Tandospirone showed anxiolytic action in variety of animal models [25, 34] and has been widely used in treatment of anxiety disorders especially in GAD [13, 35, 36]. Because of high selectivity to 5-HT1A receptor, tandospirone exerts definitely anxiolytic effect without benzodiazepines-like side effects such as sedation and muscle relaxation. Although the role of presynaptic 5-HT1A receptor is still uncertain, tandopirone shows its anxiolytic profile by activating postsynaptic 5-HT1A receptor coupled with G-protein (Gi/o). On the one hand, tandospirone inhibits the activity of adenylate cyclase by coupling with G, resulting in reduction of cAMP formation and consequently inhibition of protein kinase A (PKA)-mediatied protein phosphorylation. On the other hand, it activates G-protein-gated inwardly rectifying potassium (GIRK) channels by releasing Gβγ subunits, leading to efflux of intracellular K+, hyperpolarization of targeted neurons and ultimately inhibition of neuronal activity [3739]. As described above, postsynaptic 5-HT1A receptors are mainly located in the limbic areas such as hippocampus, amygdala as well as septum. Furthermore, tandospirone is capable of inhibiting the firing of hippocampal and lateral septal neurons by activating GIRK channels [24, 40, 41]. Thus, it may be anticipated that tandospirone alleviates anxiety through inhibiting the activity of hippocampus and amygdala which are associated with the induction of anxiety as well as the lateral septum referring to anxiety transmission. (Figure 1) However, short half-time and one- or two-week delayed onset are the major disadvantages of tandospirone in the treatment of anxiety [40].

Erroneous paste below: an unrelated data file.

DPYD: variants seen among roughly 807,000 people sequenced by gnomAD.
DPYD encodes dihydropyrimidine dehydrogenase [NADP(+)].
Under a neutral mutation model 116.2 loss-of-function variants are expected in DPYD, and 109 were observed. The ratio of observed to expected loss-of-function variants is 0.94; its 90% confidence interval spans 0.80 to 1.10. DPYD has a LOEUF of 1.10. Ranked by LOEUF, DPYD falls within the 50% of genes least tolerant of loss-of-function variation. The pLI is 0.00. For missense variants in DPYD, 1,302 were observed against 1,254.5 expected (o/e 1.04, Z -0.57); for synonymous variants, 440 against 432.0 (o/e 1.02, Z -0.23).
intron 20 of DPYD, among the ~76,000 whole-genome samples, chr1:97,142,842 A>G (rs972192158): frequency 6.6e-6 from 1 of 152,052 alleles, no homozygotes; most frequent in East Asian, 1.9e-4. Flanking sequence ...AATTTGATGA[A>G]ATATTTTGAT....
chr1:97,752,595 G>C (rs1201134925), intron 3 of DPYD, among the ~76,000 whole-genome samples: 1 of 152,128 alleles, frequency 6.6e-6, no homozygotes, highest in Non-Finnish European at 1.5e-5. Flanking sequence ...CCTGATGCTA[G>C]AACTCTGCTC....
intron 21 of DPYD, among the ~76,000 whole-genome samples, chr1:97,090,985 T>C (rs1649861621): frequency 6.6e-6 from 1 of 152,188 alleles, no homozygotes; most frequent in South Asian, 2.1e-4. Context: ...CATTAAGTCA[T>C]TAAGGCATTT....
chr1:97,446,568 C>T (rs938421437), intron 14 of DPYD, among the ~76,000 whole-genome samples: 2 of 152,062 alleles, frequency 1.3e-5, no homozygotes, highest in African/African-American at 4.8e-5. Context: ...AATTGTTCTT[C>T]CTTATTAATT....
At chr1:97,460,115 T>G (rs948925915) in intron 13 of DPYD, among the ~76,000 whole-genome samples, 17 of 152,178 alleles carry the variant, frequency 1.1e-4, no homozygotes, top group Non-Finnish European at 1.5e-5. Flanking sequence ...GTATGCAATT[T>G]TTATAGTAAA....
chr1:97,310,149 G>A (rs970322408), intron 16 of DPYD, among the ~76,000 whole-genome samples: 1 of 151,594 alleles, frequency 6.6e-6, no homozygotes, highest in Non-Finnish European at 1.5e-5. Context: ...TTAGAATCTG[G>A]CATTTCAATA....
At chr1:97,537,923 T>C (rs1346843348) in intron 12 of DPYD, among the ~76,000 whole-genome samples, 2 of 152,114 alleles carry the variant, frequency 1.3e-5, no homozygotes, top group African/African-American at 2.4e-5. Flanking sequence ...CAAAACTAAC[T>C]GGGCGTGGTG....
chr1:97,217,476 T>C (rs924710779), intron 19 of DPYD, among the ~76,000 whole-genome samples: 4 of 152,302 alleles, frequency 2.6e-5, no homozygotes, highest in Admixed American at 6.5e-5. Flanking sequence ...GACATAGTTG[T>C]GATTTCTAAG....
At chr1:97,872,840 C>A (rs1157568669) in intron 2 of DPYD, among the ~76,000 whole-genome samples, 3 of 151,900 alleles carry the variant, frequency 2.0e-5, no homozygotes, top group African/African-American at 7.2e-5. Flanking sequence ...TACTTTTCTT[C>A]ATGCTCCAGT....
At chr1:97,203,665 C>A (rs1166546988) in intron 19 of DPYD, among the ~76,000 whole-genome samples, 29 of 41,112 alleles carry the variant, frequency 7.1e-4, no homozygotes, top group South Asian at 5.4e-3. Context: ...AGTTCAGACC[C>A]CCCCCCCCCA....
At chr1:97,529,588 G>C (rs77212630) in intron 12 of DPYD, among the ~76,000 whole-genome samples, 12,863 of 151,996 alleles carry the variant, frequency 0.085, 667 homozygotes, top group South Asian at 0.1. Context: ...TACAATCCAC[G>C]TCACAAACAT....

A proposed scheme of tandospirone and its signal transduction pathway in the treatment of anxiety disorders.

Figure 1: A proposed scheme of tandospirone and its signal transduction pathway in the treatment of anxiety disorders. Tandospirone activats postsynaptic 5-HT1A receptor coupled with G-protein (Gi/o), resulting in inhibition of protein kinase A (PKA)-mediated protein phosphorylation and neuronal activity.

Studies with double-blind, randomized clinical trials have proven that oral administration of tandospirone was equivalently effective as oral diazepam or clonidine in reducing preoperative anxiety in patients with elective otolaryngologic surgery [42, 43]. In the rat contextual conditioned fear stress model, tandospirone or SSRIs (e.g. paroxetine, fluvoxamine, citalopram) significantly inhibited the conditioned freezing in a dose-dependent manner, respectively, and the combination therapy was addictive for fluvoxamine facilitating anxiolytic effect of tandospirone via CYP3A4 inhibition [4446]. Moreover, tandospirone exhibited therapeutic potential for facilitating fear extinction to alleviate anxiety, and the effect was mediated by enhancing cortical dopamine neurotransmission indirectly via the ventral tegmental area (VTA)-hippocampus dopaminergic loop and improving synaptic efficacy in the extinction processes in the animal model of PTSD [47, 48]. More recently, tandospirone has been proven to be safe and effective and it appeared non-inferior to sertraline for treating SAD in youths in an eight-week randomized open-label trial [49]. Taken together, tandospirone may be an alternative agent in relieving anxiety in the treatment of PTSD and SAD.